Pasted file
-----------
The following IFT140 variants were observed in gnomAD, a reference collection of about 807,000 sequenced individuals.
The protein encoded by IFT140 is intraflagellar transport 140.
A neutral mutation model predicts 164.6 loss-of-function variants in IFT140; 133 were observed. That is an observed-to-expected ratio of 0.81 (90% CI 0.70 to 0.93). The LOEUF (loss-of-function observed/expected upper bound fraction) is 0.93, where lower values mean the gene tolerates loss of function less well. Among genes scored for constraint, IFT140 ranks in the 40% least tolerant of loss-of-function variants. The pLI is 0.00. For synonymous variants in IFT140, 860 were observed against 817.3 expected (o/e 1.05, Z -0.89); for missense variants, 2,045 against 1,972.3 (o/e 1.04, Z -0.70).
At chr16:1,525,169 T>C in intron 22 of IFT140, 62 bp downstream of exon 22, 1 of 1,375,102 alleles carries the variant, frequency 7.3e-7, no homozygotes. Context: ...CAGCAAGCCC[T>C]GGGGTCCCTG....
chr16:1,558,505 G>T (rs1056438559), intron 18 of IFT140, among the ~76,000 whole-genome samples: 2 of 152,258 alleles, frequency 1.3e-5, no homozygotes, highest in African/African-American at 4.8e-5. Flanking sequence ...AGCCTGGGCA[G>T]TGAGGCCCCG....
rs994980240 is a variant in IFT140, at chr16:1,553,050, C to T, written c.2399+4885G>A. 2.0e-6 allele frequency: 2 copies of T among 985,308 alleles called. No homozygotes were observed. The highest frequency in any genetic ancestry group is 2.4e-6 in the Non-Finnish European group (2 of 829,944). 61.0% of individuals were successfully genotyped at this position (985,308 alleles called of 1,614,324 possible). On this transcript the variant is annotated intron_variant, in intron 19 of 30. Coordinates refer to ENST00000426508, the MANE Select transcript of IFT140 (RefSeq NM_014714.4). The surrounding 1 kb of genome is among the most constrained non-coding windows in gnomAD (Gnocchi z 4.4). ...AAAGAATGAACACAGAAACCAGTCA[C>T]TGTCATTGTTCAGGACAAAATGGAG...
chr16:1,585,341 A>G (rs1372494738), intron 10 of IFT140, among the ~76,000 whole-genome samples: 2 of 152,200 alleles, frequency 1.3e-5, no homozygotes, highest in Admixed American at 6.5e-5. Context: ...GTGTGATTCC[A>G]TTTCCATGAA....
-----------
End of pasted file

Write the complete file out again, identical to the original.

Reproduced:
The following IFT140 variants were observed in gnomAD, a reference collection of about 807,000 sequenced individuals.
The protein encoded by IFT140 is intraflagellar transport 140.
A neutral mutation model predicts 164.6 loss-of-function variants in IFT140; 133 were observed. That is an observed-to-expected ratio of 0.81 (90% CI 0.70 to 0.93). The LOEUF (loss-of-function observed/expected upper bound fraction) is 0.93, where lower values mean the gene tolerates loss of function less well. Among genes scored for constraint, IFT140 ranks in the 40% least tolerant of loss-of-function variants. The pLI is 0.00. For synonymous variants in IFT140, 860 were observed against 817.3 expected (o/e 1.05, Z -0.89); for missense variants, 2,045 against 1,972.3 (o/e 1.04, Z -0.70).
At chr16:1,525,169 T>C in intron 22 of IFT140, 62 bp downstream of exon 22, 1 of 1,375,102 alleles carries the variant, frequency 7.3e-7, no homozygotes. Context: ...CAGCAAGCCC[T>C]GGGGTCCCTG....
chr16:1,558,505 G>T (rs1056438559), intron 18 of IFT140, among the ~76,000 whole-genome samples: 2 of 152,258 alleles, frequency 1.3e-5, no homozygotes, highest in African/African-American at 4.8e-5. Flanking sequence ...AGCCTGGGCA[G>T]TGAGGCCCCG....
rs994980240 is a variant in IFT140, at chr16:1,553,050, C to T, written c.2399+4885G>A. 2.0e-6 allele frequency: 2 copies of T among 985,308 alleles called. No homozygotes were observed. The highest frequency in any genetic ancestry group is 2.4e-6 in the Non-Finnish European group (2 of 829,944). 61.0% of individuals were successfully genotyped at this position (985,308 alleles called of 1,614,324 possible). On this transcript the variant is annotated intron_variant, in intron 19 of 30. Coordinates refer to ENST00000426508, the MANE Select transcript of IFT140 (RefSeq NM_014714.4). The surrounding 1 kb of genome is among the most constrained non-coding windows in gnomAD (Gnocchi z 4.4). ...AAAGAATGAACACAGAAACCAGTCA[C>T]TGTCATTGTTCAGGACAAAATGGAG...
chr16:1,585,341 A>G (rs1372494738), intron 10 of IFT140, among the ~76,000 whole-genome samples: 2 of 152,200 alleles, frequency 1.3e-5, no homozygotes, highest in Admixed American at 6.5e-5. Context: ...GTGTGATTCC[A>G]TTTCCATGAA....